The Little Big Things - @sohoplace
This show has the potential, if the producers play their cards right, to run and run. It would have to adapt to go out on tour: the show was designed for the @sohoplace (yes, that’s what the theatre is called) stage, and would require considerable rethinking for proscenium arch theatres. The major stumbling block, as far as I can see, is accessibility – a point explored in the musical, where a disabled physio, Agnes (Amy Trigg) talks about how “even more disabled” she becomes every time there’s a broken lift or a non-existent ramp, or indeed both. Not every theatre could even stage The Little Big Things for that exact reason.
As it was, my vantage point in the ‘second balcony’ was superior to that of most people in the stalls. All shows in this theatre are performed in the round, (technically, ‘in the rectangle’) and for this show, the stage floor comprised a huge screen (or perhaps several screens put together) on which still and moving images were projected, usually different shades and colours to suit the mood of a particular moment in the story. Ultimately, though, the story isn’t that groundbreaking, and follows the pattern of various shows in the last twenty years or so, maybe a bit longer, where everything is going relatively swimmingly (in this case, both literally and figuratively) before a critical incident comes along and irrevocably changes the course of the characters in the story, and thus the story itself.
The major plot points in the show are probably all true, with three points in mitigation. First, the show is ‘based on the memoir by Henry Fraser’. ‘Based on’ does not mean a page by page reconstruction. That’s fine, as being able to adapt is one of the points the show makes. Second, Henry, played by Ed Larkin, an actor who genuinely uses a wheelchair, and by Jonny Amies in the form of his (that is, Henry’s) younger self, can’t remember the details of the accident that put him in a wheelchair in the first place: what else can’t he recall with pinpoint accuracy? Third, the show never claims historical precision or reliability: it’s a musical, so strap in and enjoy the ride.
The production values are very high, and the musical numbers have, between them, sufficient variation in tone and emotional emphasis. The choreography (Mark Smith) seamlessly integrates British Sign Language without making it feel forced or gimmicky. But I was reminded of the recent revived revue I Wish My Like Were Like A Musical, in its observation that if, hypothetically, one’s life were indeed like a musical, you’d never need to go anywhere. Scenes would just change and you’d be in a different place.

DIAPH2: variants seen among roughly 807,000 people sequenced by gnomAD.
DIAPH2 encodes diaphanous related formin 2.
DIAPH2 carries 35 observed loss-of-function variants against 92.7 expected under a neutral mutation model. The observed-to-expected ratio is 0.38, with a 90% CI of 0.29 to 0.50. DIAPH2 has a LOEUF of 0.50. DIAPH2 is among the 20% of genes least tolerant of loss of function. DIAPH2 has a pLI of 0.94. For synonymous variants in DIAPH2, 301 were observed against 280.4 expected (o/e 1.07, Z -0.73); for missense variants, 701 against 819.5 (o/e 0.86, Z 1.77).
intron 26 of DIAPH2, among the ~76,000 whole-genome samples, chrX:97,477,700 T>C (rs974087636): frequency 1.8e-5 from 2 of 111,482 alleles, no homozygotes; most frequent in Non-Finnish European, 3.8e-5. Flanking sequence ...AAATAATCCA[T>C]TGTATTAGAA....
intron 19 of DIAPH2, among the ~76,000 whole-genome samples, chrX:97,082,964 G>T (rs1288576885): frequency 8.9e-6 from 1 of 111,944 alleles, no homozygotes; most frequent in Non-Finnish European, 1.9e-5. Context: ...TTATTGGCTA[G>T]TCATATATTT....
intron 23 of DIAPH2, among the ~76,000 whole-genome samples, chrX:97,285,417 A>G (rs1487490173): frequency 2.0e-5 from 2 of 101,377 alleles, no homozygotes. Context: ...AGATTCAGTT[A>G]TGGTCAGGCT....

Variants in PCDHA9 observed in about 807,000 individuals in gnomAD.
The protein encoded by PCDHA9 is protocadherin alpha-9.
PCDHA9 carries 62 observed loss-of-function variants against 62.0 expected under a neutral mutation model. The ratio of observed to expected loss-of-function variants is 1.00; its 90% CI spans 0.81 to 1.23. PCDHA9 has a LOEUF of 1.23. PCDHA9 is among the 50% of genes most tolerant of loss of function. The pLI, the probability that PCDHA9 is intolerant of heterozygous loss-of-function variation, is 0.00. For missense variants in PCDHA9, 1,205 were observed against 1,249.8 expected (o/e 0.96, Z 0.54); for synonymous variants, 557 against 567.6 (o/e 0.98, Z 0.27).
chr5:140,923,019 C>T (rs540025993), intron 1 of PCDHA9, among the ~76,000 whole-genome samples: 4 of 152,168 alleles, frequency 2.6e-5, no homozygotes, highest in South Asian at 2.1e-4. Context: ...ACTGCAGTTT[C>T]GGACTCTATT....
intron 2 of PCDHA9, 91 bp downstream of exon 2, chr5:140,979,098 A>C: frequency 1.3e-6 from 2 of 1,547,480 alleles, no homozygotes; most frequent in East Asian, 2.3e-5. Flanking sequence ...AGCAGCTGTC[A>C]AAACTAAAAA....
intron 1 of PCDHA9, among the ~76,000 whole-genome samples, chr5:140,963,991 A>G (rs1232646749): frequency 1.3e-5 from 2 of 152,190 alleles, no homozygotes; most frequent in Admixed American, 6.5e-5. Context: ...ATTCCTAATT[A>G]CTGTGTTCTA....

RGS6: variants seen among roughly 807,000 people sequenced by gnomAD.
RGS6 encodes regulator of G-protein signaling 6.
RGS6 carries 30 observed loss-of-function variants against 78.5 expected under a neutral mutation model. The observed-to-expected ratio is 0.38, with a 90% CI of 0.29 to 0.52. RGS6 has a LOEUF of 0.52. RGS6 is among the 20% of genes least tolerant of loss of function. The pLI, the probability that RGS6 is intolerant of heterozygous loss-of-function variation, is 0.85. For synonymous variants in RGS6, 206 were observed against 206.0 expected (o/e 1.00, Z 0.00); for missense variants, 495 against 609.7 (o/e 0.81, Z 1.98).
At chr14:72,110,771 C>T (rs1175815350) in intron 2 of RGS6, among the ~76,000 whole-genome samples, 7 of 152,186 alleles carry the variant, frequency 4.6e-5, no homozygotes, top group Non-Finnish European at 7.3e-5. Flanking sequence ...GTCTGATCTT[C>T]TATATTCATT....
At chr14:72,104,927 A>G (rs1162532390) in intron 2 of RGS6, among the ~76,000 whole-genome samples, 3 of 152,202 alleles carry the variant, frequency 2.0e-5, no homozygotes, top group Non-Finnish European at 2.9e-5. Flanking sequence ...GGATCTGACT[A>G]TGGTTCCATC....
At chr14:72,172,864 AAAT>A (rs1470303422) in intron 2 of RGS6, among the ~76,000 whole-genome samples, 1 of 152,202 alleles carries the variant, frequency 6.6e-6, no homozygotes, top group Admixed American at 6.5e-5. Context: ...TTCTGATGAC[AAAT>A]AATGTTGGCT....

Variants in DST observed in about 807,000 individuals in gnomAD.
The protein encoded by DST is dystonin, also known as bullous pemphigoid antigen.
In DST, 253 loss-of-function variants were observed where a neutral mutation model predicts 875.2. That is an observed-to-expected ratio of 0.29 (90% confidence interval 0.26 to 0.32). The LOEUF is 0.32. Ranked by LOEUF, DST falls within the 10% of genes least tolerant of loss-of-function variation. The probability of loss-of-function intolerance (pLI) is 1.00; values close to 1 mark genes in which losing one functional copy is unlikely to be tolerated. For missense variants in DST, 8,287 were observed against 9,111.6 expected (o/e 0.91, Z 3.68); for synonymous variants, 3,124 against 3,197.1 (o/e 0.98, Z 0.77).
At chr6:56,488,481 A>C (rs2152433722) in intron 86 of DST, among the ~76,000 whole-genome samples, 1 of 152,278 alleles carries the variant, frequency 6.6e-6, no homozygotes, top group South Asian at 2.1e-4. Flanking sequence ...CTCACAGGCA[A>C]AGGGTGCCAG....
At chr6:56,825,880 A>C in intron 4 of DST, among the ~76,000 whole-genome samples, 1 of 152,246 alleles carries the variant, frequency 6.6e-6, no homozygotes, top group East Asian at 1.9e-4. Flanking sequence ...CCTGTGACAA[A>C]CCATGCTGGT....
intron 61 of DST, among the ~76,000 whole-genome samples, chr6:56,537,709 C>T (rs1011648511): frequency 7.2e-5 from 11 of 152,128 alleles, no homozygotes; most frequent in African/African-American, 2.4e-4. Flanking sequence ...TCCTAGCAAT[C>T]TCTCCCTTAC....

So it was with Henry – his accident having taken place abroad meant arrangements had to be made to fly him back. That alone could have taken a scene or two: even getting a previously able-bodied person who is now disabled from the hospital to the airport, onto a flight, into a seat on the flight, and then getting him out of the flight after landing, and so on, takes considerable planning. What if he needs the toilet? All of that is, in a sense, brushed over: one minute he’s in Portugal and the next he’s in an NHS ward. It was a little while ago, the summer of 2009 to be exact – these days, there would probably have to be a scene about waiting times before even being admitted.
Anyway, such is the pace of the production that both Henry and his family seem, aside from minor and predictable bumps in the road, almost incapable of furnishing the audience with very much dramatic tension. Very occasionally, tempers fray a bit, and despite an apparently fledgling professional sporting career for Henry’s brother Will (Cleve September), it’s still dad Andrew (Alasdair Harvey) who burns the midnight oil to pay for miscellaneous modifications to the house to accommodate Henry’s wheelchair.
The importance of the family unit as a source of support is rightly emphasised, even if the triumph over adversity aspect of the story isn’t as pronounced as it is in plots without family support. Even worse than benign neglect are the stories where abuse is involved. There’s none of that here. There’s something rather beautiful about witnessing a family coming together and accepting the situation before them. For all their partying and drinking, the youngsters – Henry’s other brothers are Dom (Jordan Benjamin) and Tom (Jamie Chatterton) – display a maturity beyond their years, and I found it refreshing to witness them getting on with it.
Malinda Parris’ Dr Graham gets a decent number in the first half about the frenetic pace of working life in an NHS hospital, and while Henry’s own observations are often astute, it’s Amy Trigg’s Agnes, the sharp-minded and even sharper-witted physiotherapist, who steals the show and brings the house down. Later, the transformative story of Henry Fraser, promising rugby star, turning into Henry Fraser, mouth artist (if you are interested in the actual guy’s paintings, he's got his own website), happens a tad too quickly, and the production jumps straight to works excellent enough to be part of an art exhibition, without any examples of him getting progressively better at painting with his mouth.
I would have liked to have found out more about Henry’s life, unless there is a kernel of truth in that he didn’t have much going on apart from school, rugby, going out and fancying Katie (Gracie McGonigal, who makes the most of an underwritten role), who attends the same school. Still, it is rare to be quite so moved by a new musical, and by the curtain call, it barely matters who is in a wheelchair and who isn’t. In an ideal world, of course, that’s just how it should be. A standing ovation well deserved on the night I attended, it’s a production with a lot of heart that overshadows its imperfections.
Photo credit: Pamela Raith